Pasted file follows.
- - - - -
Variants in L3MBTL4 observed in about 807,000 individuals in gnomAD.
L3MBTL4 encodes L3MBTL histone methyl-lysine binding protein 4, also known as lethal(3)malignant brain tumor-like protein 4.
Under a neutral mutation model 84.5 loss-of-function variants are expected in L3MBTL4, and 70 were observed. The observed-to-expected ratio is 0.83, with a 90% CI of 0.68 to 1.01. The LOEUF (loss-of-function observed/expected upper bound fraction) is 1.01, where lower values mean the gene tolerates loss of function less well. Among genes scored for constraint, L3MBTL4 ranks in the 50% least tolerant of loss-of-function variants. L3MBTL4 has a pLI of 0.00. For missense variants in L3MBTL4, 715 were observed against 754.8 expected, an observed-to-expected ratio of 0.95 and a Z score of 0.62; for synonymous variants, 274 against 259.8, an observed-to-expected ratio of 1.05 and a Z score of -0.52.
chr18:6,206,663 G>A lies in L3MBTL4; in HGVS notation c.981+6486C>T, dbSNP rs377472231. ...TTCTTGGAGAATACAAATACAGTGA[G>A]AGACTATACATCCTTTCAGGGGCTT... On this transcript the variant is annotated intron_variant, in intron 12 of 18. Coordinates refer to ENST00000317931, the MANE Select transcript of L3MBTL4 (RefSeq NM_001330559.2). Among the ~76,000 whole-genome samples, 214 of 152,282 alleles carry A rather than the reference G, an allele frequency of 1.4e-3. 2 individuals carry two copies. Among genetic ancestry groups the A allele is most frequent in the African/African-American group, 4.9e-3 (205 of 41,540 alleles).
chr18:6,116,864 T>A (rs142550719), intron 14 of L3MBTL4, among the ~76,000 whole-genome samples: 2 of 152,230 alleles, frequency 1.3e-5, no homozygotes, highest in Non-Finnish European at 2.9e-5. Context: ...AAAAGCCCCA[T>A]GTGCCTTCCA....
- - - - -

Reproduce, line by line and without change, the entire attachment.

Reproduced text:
Variants in L3MBTL4 observed in about 807,000 individuals in gnomAD.
L3MBTL4 encodes L3MBTL histone methyl-lysine binding protein 4, also known as lethal(3)malignant brain tumor-like protein 4.
Under a neutral mutation model 84.5 loss-of-function variants are expected in L3MBTL4, and 70 were observed. The observed-to-expected ratio is 0.83, with a 90% CI of 0.68 to 1.01. The LOEUF (loss-of-function observed/expected upper bound fraction) is 1.01, where lower values mean the gene tolerates loss of function less well. Among genes scored for constraint, L3MBTL4 ranks in the 50% least tolerant of loss-of-function variants. L3MBTL4 has a pLI of 0.00. For missense variants in L3MBTL4, 715 were observed against 754.8 expected, an observed-to-expected ratio of 0.95 and a Z score of 0.62; for synonymous variants, 274 against 259.8, an observed-to-expected ratio of 1.05 and a Z score of -0.52.
chr18:6,206,663 G>A lies in L3MBTL4; in HGVS notation c.981+6486C>T, dbSNP rs377472231. ...TTCTTGGAGAATACAAATACAGTGA[G>A]AGACTATACATCCTTTCAGGGGCTT... On this transcript the variant is annotated intron_variant, in intron 12 of 18. Coordinates refer to ENST00000317931, the MANE Select transcript of L3MBTL4 (RefSeq NM_001330559.2). Among the ~76,000 whole-genome samples, 214 of 152,282 alleles carry A rather than the reference G, an allele frequency of 1.4e-3. 2 individuals carry two copies. Among genetic ancestry groups the A allele is most frequent in the African/African-American group, 4.9e-3 (205 of 41,540 alleles).
chr18:6,116,864 T>A (rs142550719), intron 14 of L3MBTL4, among the ~76,000 whole-genome samples: 2 of 152,230 alleles, frequency 1.3e-5, no homozygotes, highest in Non-Finnish European at 2.9e-5. Context: ...AAAAGCCCCA[T>A]GTGCCTTCCA....